But, I thought to myself, I did it! I finished what I started!

And then, the prophetic words of my textbook-author friend began to manifest themselves. My right shoulder locked up and remains “frozen” a decade later, my right arm unable to reach above shoulder height. One by one, the rest of my joints – ankles, knees, elbows, my other shoulder – began to deteriorate over the ensuing years. Arthritis set in, surgery was performed, pain medications prescribed, joint replacements discussed.

So okay, I’m finally willing to admit it: Running that marathon was a stupid idea. And once in the race, yes, I should’ve dropped out when it was clear my body was not doing well. With the benefit of hindsight, age, and arthritis, I now understand that not all races are meant to be finished. Sometimes, for the sake of our long-term health, the best course of action is to quit.

But that doesn’t mean it wasn’t fun while it lasted. 

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Lauren's book, Zuzu's Petals: A True Story of Second Chances (In The Telling Press, 2011), was the #1 Top Rated memoir on Kindle for 7 straight months. Hardcover copies are available at, or signed copies can be ordered at Happy Reading!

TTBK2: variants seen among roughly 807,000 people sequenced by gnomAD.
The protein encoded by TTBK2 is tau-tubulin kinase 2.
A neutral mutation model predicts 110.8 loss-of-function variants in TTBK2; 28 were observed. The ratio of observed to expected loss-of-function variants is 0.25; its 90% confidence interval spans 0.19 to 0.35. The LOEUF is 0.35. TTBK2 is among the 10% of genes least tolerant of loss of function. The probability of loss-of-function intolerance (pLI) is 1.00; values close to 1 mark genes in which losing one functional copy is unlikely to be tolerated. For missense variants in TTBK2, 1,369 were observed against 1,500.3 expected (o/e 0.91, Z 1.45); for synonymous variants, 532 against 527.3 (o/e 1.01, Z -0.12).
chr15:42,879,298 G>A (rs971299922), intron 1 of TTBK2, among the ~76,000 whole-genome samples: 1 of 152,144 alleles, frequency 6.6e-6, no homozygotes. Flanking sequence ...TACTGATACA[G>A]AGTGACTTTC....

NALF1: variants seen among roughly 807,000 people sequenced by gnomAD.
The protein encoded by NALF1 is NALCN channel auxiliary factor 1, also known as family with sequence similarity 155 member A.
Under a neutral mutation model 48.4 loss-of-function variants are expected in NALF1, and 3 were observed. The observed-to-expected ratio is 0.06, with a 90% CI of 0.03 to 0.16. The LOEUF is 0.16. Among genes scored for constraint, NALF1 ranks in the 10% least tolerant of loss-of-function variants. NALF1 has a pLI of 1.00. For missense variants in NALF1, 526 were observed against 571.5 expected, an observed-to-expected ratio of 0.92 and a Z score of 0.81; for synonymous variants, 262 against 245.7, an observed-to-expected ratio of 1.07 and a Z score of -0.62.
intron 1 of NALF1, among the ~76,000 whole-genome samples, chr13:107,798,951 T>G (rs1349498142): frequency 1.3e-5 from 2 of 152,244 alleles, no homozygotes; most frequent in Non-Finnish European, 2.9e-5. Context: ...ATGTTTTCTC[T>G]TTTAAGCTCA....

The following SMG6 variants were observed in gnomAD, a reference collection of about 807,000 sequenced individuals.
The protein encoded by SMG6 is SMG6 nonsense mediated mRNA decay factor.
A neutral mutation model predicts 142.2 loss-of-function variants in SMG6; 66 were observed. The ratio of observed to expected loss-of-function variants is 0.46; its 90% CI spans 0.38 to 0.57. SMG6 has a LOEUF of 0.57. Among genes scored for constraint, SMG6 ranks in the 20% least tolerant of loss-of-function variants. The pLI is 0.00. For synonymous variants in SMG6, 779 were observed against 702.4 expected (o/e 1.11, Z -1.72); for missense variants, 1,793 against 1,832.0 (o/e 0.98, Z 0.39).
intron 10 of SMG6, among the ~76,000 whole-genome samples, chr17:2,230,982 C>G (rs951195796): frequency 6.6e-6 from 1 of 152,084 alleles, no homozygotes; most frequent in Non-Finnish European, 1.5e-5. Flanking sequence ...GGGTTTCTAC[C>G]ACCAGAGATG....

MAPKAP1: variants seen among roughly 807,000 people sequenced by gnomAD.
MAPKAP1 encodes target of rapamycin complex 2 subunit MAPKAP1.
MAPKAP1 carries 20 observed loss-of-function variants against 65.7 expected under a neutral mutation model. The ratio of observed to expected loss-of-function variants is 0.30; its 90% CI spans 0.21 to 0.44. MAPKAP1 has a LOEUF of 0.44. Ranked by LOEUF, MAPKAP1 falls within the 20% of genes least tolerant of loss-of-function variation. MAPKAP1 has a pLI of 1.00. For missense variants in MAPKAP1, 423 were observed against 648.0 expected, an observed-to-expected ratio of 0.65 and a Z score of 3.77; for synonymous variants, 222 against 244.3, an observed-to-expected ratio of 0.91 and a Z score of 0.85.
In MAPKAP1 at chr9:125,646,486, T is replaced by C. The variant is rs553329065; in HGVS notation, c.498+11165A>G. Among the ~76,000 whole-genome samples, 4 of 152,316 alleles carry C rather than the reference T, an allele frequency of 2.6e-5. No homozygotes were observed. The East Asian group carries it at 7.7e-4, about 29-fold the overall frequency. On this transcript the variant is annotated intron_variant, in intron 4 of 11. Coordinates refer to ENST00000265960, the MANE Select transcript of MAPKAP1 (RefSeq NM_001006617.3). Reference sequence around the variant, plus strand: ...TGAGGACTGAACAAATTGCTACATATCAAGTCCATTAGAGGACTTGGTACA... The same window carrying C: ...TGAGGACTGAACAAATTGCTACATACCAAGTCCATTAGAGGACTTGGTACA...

Friday, January 13, 2012


I’m not in the habit of phoning men I don’t know and inviting them out for drinks, but after reading about Dave Claflin in the local paper years ago, I did just that. “You don’t know me,” I said to Dave, “but we need to have a margarita, dude.”

We met at a Mexican restaurant here in Boulder, where we swapped details about our respective needs for massive blood transfusions.  I’d heard quite a few blood recipient stories at that point in my advocacy work, but Dave’s story blew my mind. 

Just as he was about to walk his five-year-old triplet daughters to kindergarten one morning, Dave felt a sudden wave of nausea, which he assumed was food poisoning.  When the feeling didn’t pass after a few days, he assumed it was the flu.  New to Boulder, Dave hadn’t yet secured a family doctor, so when his symptoms persisted for six days straight he went to the hospital’s emergency room hoping to get some medication to treat his “flu.”